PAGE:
With so much happening, there is no shortage of commentary and unprecedented attention on power markets. And, for those with patience and tenacity, there will also be plenty of commercial opportunities.
A change of federal government signals a change of tack
The spotlight was firmly on the energy sector in the lead-up to Australia’s May federal election, with Labor’s policies including Powering Australia and $20 billion Rewiring the Nation; a national electric vehicle strategy; amendments to the safeguard mechanism to incentivise greater emissions reductions; commitments to community battery storage systems and solar banks; and enthusiasm for green hydrogen and green metals.
With Labor elected alongside a record number of Greens and nine ‘teal’ independents, the events of May reflected a mandate from the Australian public for greater ambition and expenditure on renewable energy and climate policy as Australia moves towards net zero.
National electricity market disruptions
In June, there was a profound disruption in the National Electricity Market (NEM) due to the Russo-Ukrainian War, coal plant outages and flood-related impacts on coal logistics. Additionally, cold weather and soaring gas prices led power prices to spike to three to five times higher than they stood in Q1 of 2022.
On 15 June, the Australian Energy Market Operator (AEMO) took the unprecedented step of suspending electricity wholesale trading and activating the $300/MWh administered price cap (APC) (which exists to protect consumers from surging electricity costs), throwing the urgent need for more transmission, storage and renewables into sharp relief.
Whilst under the APC, some participants withdrew their supply sparking claims of anti-competitive behaviour. In response to these, in late June the ACCC led an inquiry into electricity market trading, investigating whether participants were participating in market misconduct and manipulating the spot market.
Discordance in the energy market continued into July, with a rule change request submitted to the market rule-maker the Australian Energy Markets Commission (AEMC), seeking to double the NEM’s APC to $600/MWh to better reflect thermal fleet input costs. The request followed claims by coal and gas generators that the current APC (set in the 1990s) inadequately reflects their input costs and should be increased to prevent the supply withdrawal events in June from reoccurring. Having determined the rule change to be urgent, the AEMC is currently expected to release a final determination on the APC rule change request by the end of September. While the June ‘coal (not gas) crisis’ is over, demonstrable pressure will remain in the Australian power market while the war in Ukraine continues and the ageing coal and gas fleet continues to be marred by operational issues.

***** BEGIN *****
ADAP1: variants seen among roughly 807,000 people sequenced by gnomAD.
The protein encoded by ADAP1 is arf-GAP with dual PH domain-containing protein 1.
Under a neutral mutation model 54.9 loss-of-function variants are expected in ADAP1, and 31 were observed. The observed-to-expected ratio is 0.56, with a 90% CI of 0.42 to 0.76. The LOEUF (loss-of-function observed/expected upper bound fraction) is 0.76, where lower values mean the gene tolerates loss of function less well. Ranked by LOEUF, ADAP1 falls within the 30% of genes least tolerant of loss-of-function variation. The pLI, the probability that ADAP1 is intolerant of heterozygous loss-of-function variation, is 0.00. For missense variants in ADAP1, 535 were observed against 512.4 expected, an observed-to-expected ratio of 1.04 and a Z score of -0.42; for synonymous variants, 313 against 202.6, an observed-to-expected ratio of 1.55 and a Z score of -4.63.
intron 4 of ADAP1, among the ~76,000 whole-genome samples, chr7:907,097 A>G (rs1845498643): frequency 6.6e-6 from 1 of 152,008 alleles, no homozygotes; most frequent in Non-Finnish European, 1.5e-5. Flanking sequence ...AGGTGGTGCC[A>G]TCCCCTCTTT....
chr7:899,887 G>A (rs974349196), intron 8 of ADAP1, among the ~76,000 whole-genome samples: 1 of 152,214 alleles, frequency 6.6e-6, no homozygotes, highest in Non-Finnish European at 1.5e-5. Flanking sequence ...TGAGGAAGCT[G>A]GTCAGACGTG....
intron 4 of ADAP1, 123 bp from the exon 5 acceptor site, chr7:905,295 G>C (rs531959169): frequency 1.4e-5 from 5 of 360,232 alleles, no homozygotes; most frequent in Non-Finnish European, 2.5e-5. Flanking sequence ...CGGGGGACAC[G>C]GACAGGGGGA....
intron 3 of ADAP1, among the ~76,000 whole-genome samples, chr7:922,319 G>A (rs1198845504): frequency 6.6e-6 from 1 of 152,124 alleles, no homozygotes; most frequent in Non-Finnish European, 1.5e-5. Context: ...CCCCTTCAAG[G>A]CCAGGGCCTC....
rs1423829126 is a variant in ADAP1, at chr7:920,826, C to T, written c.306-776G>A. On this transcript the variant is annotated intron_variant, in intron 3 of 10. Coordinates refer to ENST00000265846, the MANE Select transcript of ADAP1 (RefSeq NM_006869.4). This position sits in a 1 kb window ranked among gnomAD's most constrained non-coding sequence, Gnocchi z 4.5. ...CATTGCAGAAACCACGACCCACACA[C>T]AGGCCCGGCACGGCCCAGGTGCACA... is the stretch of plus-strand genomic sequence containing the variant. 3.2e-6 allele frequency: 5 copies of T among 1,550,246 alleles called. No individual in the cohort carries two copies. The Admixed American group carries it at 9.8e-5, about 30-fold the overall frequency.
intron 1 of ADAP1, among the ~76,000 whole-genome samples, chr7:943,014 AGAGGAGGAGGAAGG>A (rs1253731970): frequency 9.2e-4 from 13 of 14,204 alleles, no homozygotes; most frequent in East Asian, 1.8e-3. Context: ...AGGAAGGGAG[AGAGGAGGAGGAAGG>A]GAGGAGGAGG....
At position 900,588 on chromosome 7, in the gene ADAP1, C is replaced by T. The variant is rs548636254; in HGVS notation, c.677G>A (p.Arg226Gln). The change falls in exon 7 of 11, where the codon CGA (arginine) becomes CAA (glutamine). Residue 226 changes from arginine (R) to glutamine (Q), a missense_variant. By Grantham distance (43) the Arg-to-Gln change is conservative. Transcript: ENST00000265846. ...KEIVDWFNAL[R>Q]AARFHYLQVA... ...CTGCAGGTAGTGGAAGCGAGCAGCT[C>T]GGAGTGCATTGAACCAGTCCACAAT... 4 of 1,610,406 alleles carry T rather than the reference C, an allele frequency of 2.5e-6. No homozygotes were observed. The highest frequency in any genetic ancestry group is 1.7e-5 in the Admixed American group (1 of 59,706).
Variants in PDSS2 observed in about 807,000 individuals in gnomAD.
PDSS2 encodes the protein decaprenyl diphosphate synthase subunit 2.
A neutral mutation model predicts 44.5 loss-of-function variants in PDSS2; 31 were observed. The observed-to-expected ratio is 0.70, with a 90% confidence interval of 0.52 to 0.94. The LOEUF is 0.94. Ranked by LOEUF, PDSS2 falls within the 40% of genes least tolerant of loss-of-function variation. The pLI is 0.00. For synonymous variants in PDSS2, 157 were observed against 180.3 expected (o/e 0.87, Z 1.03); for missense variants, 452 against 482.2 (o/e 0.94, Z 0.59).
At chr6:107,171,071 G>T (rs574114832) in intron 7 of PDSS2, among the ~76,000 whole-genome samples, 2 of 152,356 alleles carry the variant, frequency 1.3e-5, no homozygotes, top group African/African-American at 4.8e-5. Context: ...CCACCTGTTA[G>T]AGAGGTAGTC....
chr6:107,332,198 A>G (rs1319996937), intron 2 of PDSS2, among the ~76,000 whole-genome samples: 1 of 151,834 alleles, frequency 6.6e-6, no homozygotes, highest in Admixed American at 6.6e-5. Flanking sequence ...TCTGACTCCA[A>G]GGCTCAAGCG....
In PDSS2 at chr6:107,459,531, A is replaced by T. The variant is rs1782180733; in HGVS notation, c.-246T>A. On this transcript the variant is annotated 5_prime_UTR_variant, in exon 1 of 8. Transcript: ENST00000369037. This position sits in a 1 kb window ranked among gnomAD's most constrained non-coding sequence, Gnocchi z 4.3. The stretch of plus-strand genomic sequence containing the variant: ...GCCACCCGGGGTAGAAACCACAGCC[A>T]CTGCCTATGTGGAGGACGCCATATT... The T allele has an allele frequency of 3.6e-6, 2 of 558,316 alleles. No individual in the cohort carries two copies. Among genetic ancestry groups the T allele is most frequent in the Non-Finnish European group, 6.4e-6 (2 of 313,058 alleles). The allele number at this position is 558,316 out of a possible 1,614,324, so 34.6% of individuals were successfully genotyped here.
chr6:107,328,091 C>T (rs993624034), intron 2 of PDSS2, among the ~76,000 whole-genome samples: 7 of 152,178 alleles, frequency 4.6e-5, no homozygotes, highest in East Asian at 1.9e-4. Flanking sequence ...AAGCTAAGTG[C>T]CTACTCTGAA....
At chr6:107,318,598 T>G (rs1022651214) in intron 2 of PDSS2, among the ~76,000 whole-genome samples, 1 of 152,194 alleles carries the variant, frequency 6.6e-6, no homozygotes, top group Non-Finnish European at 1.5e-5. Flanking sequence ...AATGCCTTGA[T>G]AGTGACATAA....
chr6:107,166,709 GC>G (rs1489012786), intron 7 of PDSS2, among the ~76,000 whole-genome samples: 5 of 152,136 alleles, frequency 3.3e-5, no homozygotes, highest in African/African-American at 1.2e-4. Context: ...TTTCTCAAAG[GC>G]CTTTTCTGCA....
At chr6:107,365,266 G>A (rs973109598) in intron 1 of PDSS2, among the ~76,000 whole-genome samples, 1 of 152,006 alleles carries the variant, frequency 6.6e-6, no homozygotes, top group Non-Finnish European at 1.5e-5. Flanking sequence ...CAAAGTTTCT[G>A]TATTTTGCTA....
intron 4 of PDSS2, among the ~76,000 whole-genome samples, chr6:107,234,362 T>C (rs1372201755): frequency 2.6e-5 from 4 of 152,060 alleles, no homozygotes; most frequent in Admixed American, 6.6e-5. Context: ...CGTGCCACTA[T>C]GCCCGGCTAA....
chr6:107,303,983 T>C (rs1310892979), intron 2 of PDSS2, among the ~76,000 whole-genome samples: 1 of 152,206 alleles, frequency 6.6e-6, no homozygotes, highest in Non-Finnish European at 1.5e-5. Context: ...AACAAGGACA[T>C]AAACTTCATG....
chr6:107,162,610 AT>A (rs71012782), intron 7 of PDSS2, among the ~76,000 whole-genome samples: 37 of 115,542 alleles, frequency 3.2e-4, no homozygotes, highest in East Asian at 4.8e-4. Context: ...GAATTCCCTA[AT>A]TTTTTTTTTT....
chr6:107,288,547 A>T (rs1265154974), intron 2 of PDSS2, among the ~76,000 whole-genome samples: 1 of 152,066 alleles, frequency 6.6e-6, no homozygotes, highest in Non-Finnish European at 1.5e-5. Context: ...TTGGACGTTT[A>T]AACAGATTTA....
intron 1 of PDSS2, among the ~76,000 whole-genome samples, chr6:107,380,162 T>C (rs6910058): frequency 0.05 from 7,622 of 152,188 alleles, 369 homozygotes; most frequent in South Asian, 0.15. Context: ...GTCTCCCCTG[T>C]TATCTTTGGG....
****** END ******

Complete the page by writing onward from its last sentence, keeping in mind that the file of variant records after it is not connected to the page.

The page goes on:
Enter the Climate Change Bill and reforms to the National Electricity Objective and the Safeguard Mechanism
In early August, the passing of the Climate Change Bill through the Federal House of Representatives marked a momentous step toward enshrining in law national commitments to net zero by 2050 and 43% emissions reduction by 2030. The bill is currently expected to pass the Senate this week, having garnered the support of the Greens and several independents who amended the bill to explicitly state the 43% reduction is a floor (rather than a ceiling).
In mid-August, we saw federal and state energy ministers meet at the Energy Ministers Meeting (EMM) and agree on re-incorporating environmental and emissions reduction considerations into the National Electricity Objective (NEO). Once enacted, this landmark change will see electricity regulatory decisions, investments and rule-making decisions appraise climate impacts when the AEMC considers electricity rule changes and power infrastructure investments – removing the sometimes perverse outcomes under the current NEO and enabling further decarbonisation momentum for power markets.
A week later, the federal government released an industry consultation paper for their proposed reforms to the ‘safeguard mechanism’ (SM).
The Abbott government introduced the SM in 2016, requiring Australia’s 215 largest greenhouse gas emitters (who accounted for 28% of Australia’s total emissions in 2020-21), to keep their net emissions below an emissions limit or ‘baseline’ (with many concessions). The paper is the first step in another momentous reform process. It reflects the federal government’s commitment to strengthen the SM and ensure Australia meets its 2030 43% emissions reduction target and net zero commitments.